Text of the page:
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Duchy of Salzburg

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The Duchy of Salzburg (German: Herzogtum Salzburg) was a Cisleithanian Kronland of the Austrian Empire and Austria-Hungary from 1849–1918. Its capital was Salzburg, while other towns in the duchy included Zell am See and Gastein.

The Archbishopric of Salzburg was secularized in 1803 as the Electorate of Salzburg, but the short-lived principality was annexed by the Austrian Empire in 1805. After the Napoleonic Wars, the Salzburg territory was administered from Linz as the department of Salzach within the Archduchy of Upper Austria.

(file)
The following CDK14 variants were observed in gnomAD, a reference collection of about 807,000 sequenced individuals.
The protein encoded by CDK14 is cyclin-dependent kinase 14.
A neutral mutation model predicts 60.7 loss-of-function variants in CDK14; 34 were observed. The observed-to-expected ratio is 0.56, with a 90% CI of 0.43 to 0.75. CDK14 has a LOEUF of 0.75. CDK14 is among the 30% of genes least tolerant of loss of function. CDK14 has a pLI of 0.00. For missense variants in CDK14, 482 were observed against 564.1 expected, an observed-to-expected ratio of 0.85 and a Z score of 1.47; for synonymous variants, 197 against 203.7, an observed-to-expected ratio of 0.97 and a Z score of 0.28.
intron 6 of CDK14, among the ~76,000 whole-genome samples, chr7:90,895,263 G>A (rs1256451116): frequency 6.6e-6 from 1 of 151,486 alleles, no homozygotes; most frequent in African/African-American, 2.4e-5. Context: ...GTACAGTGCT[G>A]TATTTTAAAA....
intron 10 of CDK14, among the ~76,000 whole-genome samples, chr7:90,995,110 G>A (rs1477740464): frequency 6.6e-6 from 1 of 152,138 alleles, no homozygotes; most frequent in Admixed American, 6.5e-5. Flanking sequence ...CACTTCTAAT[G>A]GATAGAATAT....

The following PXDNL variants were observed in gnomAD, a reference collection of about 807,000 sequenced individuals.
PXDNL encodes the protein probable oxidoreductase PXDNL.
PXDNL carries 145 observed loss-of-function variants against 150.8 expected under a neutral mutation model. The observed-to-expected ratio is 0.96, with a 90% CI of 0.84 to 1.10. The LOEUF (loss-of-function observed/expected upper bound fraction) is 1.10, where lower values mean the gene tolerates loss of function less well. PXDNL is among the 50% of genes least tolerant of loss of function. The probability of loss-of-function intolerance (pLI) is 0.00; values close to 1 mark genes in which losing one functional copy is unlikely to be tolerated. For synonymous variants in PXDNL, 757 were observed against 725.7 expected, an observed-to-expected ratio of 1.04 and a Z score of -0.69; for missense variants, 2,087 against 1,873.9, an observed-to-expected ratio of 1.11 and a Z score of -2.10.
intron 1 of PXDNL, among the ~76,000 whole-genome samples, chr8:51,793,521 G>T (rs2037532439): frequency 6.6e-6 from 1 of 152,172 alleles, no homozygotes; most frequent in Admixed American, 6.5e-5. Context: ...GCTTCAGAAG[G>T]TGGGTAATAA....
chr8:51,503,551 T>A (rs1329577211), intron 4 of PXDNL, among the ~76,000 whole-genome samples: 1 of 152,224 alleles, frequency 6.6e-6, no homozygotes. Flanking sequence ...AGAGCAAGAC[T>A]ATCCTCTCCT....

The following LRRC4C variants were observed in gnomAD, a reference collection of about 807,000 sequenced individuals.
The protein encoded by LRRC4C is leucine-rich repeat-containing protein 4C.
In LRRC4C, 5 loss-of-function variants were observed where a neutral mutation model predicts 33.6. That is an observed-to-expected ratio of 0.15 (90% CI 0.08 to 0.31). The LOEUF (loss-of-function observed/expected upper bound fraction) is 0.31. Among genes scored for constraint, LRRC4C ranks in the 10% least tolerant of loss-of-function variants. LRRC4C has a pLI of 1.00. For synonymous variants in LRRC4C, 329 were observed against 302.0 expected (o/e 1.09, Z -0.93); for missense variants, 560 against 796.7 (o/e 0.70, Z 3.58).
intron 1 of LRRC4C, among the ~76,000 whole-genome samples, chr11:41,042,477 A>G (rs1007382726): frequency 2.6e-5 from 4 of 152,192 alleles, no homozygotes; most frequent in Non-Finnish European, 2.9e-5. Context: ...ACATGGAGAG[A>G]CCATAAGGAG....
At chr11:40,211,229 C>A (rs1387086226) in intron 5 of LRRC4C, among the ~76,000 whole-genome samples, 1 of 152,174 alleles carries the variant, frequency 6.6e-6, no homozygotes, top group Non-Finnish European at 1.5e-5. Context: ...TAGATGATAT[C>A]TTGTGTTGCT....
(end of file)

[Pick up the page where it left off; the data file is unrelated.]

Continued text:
By the Treaty of Schönbrunn of 1809, Salzburg became French and was released in 1810 to the Kingdom of Bavaria, where it formed the Salzachkreis. After the Peace of Paris it came back to Austria in 1816 (Treaty of Munich), with the exception of the Salzburg's share of the left bank of the River Salzach, the so-called Rupertiwinkel, which, like Berchtesgaden, remained in Bavaria.

After the Revolutions of 1848 in the Habsburg areas, the Salzburg territory was separated from Upper Austria and became a new Kronland, the Duchy of Salzburg, in 1849. It became part of Austria-Hungary in 1867.

With the fall of the kaiserlich und königlich House of Habsburg in 1918, the duchy was succeeded by the state of Salzburg, part of first German Austria and then the First Austrian Republic.

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